Day 3: G’s BIRTHDAYYYYYY! Breakfast in (the) Bed(room!)
Post-breakfast, G researched and found two epic spots.
First, we visited Edith Wharton’s home — the Mount-– and saw how this brilliant and hard-working woman wrote some of her masterpieces, like House of Mirth.
Then we went down to Great Barrington for some EPIC salad and pizza at Baba Louie’s.
Post lunch, we were full but needed some candy from Robin’s Candy Store. This place is amazing. They have ALL this incredible candy — including Vintage Style Pop-Rocks— and Robin personally gives you a tooth brush to make sure you don’t ruin your teeth. That’s winning in my book.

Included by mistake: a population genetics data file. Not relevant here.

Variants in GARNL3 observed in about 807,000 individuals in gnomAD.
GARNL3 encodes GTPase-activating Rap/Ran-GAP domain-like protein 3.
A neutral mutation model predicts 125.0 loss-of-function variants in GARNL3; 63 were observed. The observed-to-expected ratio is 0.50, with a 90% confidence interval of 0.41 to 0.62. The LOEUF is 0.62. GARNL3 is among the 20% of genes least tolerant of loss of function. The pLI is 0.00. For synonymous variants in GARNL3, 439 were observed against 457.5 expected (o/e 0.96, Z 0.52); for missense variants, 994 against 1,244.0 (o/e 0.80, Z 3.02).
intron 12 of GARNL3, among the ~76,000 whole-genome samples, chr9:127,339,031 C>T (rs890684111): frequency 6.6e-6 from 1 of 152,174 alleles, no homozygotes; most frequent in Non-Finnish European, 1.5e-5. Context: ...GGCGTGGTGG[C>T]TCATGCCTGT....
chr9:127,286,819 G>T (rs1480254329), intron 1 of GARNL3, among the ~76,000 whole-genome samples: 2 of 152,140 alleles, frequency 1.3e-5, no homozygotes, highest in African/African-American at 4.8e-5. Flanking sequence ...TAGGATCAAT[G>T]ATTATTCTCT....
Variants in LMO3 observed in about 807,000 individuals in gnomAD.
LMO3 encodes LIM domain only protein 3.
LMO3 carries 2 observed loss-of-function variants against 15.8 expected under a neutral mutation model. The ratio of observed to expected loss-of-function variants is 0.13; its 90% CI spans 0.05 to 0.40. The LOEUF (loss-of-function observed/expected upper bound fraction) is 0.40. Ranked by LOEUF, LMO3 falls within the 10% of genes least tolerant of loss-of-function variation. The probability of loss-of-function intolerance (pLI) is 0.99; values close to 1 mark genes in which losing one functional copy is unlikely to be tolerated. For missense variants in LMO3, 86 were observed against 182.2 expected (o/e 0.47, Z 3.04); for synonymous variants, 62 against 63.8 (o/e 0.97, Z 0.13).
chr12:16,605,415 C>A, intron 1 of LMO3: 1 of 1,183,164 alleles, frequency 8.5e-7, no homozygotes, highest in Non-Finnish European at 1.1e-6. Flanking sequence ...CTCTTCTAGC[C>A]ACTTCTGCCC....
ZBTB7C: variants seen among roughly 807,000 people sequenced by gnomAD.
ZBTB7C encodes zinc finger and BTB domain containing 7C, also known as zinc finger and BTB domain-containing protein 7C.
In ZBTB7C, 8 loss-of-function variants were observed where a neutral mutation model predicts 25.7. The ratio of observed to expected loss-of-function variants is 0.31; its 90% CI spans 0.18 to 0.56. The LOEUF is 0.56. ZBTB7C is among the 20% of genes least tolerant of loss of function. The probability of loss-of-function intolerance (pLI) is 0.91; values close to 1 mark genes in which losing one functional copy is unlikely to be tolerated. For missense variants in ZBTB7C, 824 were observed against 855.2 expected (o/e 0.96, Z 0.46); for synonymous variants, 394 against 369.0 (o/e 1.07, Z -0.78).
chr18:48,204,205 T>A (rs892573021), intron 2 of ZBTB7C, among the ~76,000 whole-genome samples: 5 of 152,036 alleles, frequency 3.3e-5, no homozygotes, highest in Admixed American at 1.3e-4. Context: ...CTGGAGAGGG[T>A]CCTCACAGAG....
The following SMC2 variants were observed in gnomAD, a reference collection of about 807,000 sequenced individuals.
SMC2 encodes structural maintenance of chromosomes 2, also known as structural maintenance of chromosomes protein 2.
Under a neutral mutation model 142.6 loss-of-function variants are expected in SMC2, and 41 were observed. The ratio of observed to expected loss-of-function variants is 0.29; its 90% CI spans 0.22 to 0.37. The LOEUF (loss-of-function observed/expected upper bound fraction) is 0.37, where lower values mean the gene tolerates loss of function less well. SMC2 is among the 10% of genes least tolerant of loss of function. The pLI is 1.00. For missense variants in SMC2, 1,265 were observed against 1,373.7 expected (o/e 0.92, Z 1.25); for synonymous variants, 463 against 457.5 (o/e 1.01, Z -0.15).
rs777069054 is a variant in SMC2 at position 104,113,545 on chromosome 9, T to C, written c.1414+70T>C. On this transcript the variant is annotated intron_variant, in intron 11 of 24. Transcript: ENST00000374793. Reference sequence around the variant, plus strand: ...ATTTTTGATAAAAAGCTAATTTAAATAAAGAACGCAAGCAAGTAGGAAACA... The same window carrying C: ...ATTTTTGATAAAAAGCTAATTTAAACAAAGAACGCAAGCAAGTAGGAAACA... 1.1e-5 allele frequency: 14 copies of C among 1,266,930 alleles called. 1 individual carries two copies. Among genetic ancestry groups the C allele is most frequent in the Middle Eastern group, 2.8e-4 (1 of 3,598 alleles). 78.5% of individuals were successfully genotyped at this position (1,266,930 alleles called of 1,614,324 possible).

After a breezy 3 hour drive back and super simple car return. G + I went up to Times Square to his favorite movie theatre to watch Game Night — surprisingly good btw— and finished the weekend with some Shack Shack. An amazing end to an amazing weekend in honor of my favorite AMAZING human.
* So I had to google how to properly spell this word, and let me tell you. The internet takes defining words seriously. According to Knowyourmeme.com, Ermahgerd is a rhotacized pronunciation of “oh my god.” People, I had to look up a word from a site called “Knowyourmeme.com!” I feel humbled here.